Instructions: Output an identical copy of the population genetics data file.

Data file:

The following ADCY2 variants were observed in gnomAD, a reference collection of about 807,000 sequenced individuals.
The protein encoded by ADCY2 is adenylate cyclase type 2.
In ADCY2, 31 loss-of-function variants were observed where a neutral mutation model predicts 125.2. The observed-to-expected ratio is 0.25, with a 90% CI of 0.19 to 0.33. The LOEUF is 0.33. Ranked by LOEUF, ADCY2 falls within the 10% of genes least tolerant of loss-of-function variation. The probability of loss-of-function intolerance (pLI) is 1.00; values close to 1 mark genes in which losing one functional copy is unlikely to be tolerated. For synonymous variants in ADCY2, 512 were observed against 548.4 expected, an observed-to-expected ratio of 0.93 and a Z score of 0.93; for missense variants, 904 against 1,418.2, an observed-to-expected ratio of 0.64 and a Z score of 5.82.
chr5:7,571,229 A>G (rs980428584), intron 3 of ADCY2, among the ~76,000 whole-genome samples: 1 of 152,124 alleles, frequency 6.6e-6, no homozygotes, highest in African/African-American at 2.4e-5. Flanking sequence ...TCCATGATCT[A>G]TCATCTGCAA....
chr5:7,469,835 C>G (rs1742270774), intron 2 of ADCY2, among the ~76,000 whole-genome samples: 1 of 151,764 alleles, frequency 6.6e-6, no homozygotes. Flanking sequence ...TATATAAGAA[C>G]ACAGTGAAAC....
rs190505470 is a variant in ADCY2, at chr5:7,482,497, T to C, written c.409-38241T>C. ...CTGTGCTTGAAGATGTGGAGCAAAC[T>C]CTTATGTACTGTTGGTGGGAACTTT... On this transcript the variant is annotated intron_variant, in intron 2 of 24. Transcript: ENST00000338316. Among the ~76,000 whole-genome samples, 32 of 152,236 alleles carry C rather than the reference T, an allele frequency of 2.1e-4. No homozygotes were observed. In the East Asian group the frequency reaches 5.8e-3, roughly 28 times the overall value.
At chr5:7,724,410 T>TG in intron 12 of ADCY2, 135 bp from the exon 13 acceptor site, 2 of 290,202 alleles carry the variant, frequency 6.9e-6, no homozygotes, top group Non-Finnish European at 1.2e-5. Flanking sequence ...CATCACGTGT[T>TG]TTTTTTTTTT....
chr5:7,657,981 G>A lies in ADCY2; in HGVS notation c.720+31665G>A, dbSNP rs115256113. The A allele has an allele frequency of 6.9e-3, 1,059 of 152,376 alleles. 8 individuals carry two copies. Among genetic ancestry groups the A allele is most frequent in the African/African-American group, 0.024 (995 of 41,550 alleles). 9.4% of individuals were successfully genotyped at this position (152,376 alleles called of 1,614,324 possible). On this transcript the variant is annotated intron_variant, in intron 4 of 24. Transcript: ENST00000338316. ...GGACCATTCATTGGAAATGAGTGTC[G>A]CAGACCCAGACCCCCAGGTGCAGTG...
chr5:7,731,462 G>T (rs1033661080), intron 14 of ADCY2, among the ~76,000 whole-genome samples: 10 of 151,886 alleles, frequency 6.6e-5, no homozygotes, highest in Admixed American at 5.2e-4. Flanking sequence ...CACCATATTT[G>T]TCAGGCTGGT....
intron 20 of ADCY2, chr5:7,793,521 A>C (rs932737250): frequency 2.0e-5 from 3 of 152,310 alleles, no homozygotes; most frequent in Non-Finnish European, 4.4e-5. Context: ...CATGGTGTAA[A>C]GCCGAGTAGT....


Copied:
The following ADCY2 variants were observed in gnomAD, a reference collection of about 807,000 sequenced individuals.
The protein encoded by ADCY2 is adenylate cyclase type 2.
In ADCY2, 31 loss-of-function variants were observed where a neutral mutation model predicts 125.2. The observed-to-expected ratio is 0.25, with a 90% CI of 0.19 to 0.33. The LOEUF is 0.33. Ranked by LOEUF, ADCY2 falls within the 10% of genes least tolerant of loss-of-function variation. The probability of loss-of-function intolerance (pLI) is 1.00; values close to 1 mark genes in which losing one functional copy is unlikely to be tolerated. For synonymous variants in ADCY2, 512 were observed against 548.4 expected, an observed-to-expected ratio of 0.93 and a Z score of 0.93; for missense variants, 904 against 1,418.2, an observed-to-expected ratio of 0.64 and a Z score of 5.82.
chr5:7,571,229 A>G (rs980428584), intron 3 of ADCY2, among the ~76,000 whole-genome samples: 1 of 152,124 alleles, frequency 6.6e-6, no homozygotes, highest in African/African-American at 2.4e-5. Flanking sequence ...TCCATGATCT[A>G]TCATCTGCAA....
chr5:7,469,835 C>G (rs1742270774), intron 2 of ADCY2, among the ~76,000 whole-genome samples: 1 of 151,764 alleles, frequency 6.6e-6, no homozygotes. Flanking sequence ...TATATAAGAA[C>G]ACAGTGAAAC....
rs190505470 is a variant in ADCY2, at chr5:7,482,497, T to C, written c.409-38241T>C. ...CTGTGCTTGAAGATGTGGAGCAAAC[T>C]CTTATGTACTGTTGGTGGGAACTTT... On this transcript the variant is annotated intron_variant, in intron 2 of 24. Transcript: ENST00000338316. Among the ~76,000 whole-genome samples, 32 of 152,236 alleles carry C rather than the reference T, an allele frequency of 2.1e-4. No homozygotes were observed. In the East Asian group the frequency reaches 5.8e-3, roughly 28 times the overall value.
At chr5:7,724,410 T>TG in intron 12 of ADCY2, 135 bp from the exon 13 acceptor site, 2 of 290,202 alleles carry the variant, frequency 6.9e-6, no homozygotes, top group Non-Finnish European at 1.2e-5. Flanking sequence ...CATCACGTGT[T>TG]TTTTTTTTTT....
chr5:7,657,981 G>A lies in ADCY2; in HGVS notation c.720+31665G>A, dbSNP rs115256113. The A allele has an allele frequency of 6.9e-3, 1,059 of 152,376 alleles. 8 individuals carry two copies. Among genetic ancestry groups the A allele is most frequent in the African/African-American group, 0.024 (995 of 41,550 alleles). 9.4% of individuals were successfully genotyped at this position (152,376 alleles called of 1,614,324 possible). On this transcript the variant is annotated intron_variant, in intron 4 of 24. Transcript: ENST00000338316. ...GGACCATTCATTGGAAATGAGTGTC[G>A]CAGACCCAGACCCCCAGGTGCAGTG...
chr5:7,731,462 G>T (rs1033661080), intron 14 of ADCY2, among the ~76,000 whole-genome samples: 10 of 151,886 alleles, frequency 6.6e-5, no homozygotes, highest in Admixed American at 5.2e-4. Flanking sequence ...CACCATATTT[G>T]TCAGGCTGGT....
intron 20 of ADCY2, chr5:7,793,521 A>C (rs932737250): frequency 2.0e-5 from 3 of 152,310 alleles, no homozygotes; most frequent in Non-Finnish European, 4.4e-5. Context: ...CATGGTGTAA[A>C]GCCGAGTAGT....